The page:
Three Newark principals reinstated, two reassigned to central office

Three of the five Newark principals suspended after criticizing the “One Newark” plan have been reinstated.  H. Grady James of Hawthorne Avenue,  Tony Motley of Bragaw Avenue, and Dorothy Handfield of Belmont-Runyon will return to their jobs Monday. Two others will not be permitted to return to their schools. According to union sources, Deneen Washington of Maple Avenue and Lisa Brown of Ivy Hill School have been reassigned to the Central Office.

The suspension of the principals, 48 hours after four of them spoke at a community rally at Hopewell Baptist Church, created a national outcry against the tactics of state-appointed school superintendent Cami Anderson, the former Teach for America executive and associate of Education Commissioner Christopher Cerf who was appointed to head the Newark schools by Gov. Chris Christie. Support for the principals came from  throughout the United States.

The controversy also focused attention on Ms. Anderson’s  “One Newark” plan that will close, transfer to charter owners, redesign or otherwise “repurpose” more than a third of Newark’s schools. The plan was announced abruptly last month and parents already have been forced to file a “universal application” indicating which school they wish to attend–so long as the school isn’t one of the neighborhood schools slated for closing.

The uproar about the plan–and the suspensions–led to the introduction of legislation that its sponsors hope will stop the Christie administration from imposing its will on Newark residents. State Sen. Ronald Rice (D-Essex) has called the plan “destructive and disruptive” and has vowed to fight it in the Legislature.

The controversy also has redefined the city’s mayoral race,  providing a major issue for Ras Baraka, also a Newark school principal, who is now leading in the polls and is championing  the opposition to “One Newark.” Rice and others have demanded all candidates declare their positions.

The fifth principal, Ms. Brown, was suspended after an altercation not involving two central office administrators–assistant superintendent Tiffany Hardrick and special assistant Gary Beidleman–and Daryn Martin, the president of the Ivy Hill PTO. According to union  sources,  Ms. Brown was found to be insubordinate, apparently for supporting Mr. Martin.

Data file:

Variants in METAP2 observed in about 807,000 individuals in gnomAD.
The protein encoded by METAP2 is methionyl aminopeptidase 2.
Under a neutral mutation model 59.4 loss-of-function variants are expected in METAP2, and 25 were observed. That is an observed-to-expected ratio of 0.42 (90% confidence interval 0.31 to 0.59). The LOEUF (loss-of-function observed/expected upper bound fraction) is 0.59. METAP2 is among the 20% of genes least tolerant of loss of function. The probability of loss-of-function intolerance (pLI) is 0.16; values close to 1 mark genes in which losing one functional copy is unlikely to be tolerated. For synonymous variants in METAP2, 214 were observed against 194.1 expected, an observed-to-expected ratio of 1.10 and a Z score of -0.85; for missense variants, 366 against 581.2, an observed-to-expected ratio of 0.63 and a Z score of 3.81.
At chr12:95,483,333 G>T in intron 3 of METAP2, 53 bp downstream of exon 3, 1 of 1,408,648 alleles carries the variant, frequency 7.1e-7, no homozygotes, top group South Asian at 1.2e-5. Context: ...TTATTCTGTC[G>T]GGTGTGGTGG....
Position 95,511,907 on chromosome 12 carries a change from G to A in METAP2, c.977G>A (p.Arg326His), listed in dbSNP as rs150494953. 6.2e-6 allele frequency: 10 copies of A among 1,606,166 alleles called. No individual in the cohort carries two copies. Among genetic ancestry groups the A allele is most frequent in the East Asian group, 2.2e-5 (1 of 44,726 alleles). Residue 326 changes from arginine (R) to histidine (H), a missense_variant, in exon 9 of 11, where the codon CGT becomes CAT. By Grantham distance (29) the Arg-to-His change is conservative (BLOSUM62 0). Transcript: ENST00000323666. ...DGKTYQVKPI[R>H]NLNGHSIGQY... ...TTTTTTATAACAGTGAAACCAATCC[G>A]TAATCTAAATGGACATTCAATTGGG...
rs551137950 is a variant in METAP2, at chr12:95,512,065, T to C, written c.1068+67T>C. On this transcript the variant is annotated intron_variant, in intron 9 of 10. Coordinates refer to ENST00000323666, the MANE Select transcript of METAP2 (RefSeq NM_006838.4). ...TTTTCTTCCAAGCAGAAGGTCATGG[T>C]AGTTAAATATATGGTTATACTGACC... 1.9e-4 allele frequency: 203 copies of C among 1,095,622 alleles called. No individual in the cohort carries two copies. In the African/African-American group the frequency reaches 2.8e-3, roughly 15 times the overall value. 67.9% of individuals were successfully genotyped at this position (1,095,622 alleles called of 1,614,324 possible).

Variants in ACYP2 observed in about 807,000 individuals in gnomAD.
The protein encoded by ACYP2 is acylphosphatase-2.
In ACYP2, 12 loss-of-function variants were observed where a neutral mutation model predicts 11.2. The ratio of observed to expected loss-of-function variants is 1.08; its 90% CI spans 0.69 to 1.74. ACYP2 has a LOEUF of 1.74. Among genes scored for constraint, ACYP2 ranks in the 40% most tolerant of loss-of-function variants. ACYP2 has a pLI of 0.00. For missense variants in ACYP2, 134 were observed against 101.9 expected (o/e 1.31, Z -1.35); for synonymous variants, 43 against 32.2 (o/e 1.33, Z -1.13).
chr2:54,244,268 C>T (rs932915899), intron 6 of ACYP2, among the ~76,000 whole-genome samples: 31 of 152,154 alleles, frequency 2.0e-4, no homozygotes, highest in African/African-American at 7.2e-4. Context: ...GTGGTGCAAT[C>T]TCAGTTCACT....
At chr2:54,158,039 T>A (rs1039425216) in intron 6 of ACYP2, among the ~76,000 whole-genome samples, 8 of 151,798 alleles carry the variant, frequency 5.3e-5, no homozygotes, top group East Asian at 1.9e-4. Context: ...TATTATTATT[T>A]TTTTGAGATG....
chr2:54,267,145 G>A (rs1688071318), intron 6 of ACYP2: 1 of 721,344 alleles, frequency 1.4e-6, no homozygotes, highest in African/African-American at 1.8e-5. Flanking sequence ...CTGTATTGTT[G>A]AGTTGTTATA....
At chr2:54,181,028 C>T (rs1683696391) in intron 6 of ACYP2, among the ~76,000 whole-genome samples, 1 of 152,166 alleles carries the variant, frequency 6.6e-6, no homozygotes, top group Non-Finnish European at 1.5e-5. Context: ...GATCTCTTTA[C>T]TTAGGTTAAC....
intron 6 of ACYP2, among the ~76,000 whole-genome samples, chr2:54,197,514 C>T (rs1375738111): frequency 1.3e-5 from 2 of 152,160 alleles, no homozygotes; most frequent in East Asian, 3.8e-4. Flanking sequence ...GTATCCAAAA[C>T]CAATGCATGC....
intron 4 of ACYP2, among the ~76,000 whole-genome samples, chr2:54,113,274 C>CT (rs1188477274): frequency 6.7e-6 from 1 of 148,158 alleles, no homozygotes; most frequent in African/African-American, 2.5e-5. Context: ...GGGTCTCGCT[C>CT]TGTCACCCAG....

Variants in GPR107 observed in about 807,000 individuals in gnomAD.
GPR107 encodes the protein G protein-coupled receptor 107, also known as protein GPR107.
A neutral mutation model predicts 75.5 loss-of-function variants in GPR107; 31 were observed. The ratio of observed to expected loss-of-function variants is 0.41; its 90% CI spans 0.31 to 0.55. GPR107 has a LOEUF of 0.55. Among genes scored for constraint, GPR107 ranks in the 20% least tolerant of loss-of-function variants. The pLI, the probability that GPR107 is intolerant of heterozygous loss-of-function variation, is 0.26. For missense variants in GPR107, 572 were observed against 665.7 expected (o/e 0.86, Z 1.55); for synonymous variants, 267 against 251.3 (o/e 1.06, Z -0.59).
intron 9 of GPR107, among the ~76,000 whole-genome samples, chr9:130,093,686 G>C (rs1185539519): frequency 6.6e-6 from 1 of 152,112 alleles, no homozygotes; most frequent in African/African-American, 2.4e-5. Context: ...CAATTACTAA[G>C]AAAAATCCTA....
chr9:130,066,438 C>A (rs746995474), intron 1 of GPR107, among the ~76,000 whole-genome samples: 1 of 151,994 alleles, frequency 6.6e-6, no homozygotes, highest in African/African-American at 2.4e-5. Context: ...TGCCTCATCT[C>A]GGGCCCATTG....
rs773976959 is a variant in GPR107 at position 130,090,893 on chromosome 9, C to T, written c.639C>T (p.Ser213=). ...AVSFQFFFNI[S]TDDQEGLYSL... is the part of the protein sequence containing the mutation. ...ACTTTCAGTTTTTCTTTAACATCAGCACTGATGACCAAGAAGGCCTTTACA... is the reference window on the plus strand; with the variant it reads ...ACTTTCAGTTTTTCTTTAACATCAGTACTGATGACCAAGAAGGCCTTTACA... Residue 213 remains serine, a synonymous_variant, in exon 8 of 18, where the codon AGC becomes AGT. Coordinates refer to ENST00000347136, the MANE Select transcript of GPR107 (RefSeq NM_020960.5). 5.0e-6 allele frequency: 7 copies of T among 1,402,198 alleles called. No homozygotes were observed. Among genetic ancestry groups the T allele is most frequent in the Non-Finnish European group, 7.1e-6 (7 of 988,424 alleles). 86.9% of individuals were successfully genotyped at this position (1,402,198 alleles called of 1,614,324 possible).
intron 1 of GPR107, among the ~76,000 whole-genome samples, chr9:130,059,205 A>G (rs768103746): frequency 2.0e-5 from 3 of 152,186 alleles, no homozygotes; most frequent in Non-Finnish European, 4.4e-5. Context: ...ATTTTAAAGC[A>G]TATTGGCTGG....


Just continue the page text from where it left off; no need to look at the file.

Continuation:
Mr. Martin, who has two children in the Ivy Hill School, was banned from entering any Newark school facility after he tried to stop Central Office executives from tearing down notices of a PTO meeting he posted at the school.

Ms. Washington was found to have encouraged parents to boycott “One Newark,” say the union sources.

No word yet on the fate of Jacqueline Bostic, the Central Office clerk who was suspended for criticizing the Newark One plan while on the phone during a break in the ladies’ room.



  1. Reinstatement is not surprising since they have no case. If college students at the university of Arizona can be protected by free-speech rights after holding a racist theme party on Martin Luther King Day, certainly these principles are protected as well, but they will be made to sweat first. I understand the clerk will be reinstated. This is actually an ongoing tactic by the current administration to get as many of the higher salaried people to leave the district as possible. I don’t have exact numbers but I know many people in administration found other jobs over the summer as a result of either harassment or simply the failure to assign them, or the so-called elimination of certain positions.

    1. Correction needed: The students who were disrespectful were from Arizona State University in Tempe (near Phoenix) and not from the University of Arizona, which is in Tucson. The fraternity was expelled from ASU.

    2. Link:

      Bob Braun: Electing an African-American president may have partially blinded us to acknowledging racism is a core problem in this country.

      1. In Arizona it’s not hidden. It took years to get a MLK holiday here. Maricopa County has a history of voter suppression formerly starring young William Rehnquist as a Republican poll watcher in an African-American polling place in south Phoenix and currently starring Joe Arpaio. Having an African-American president, just brought out more crazies and made racism actually seem more mainstream.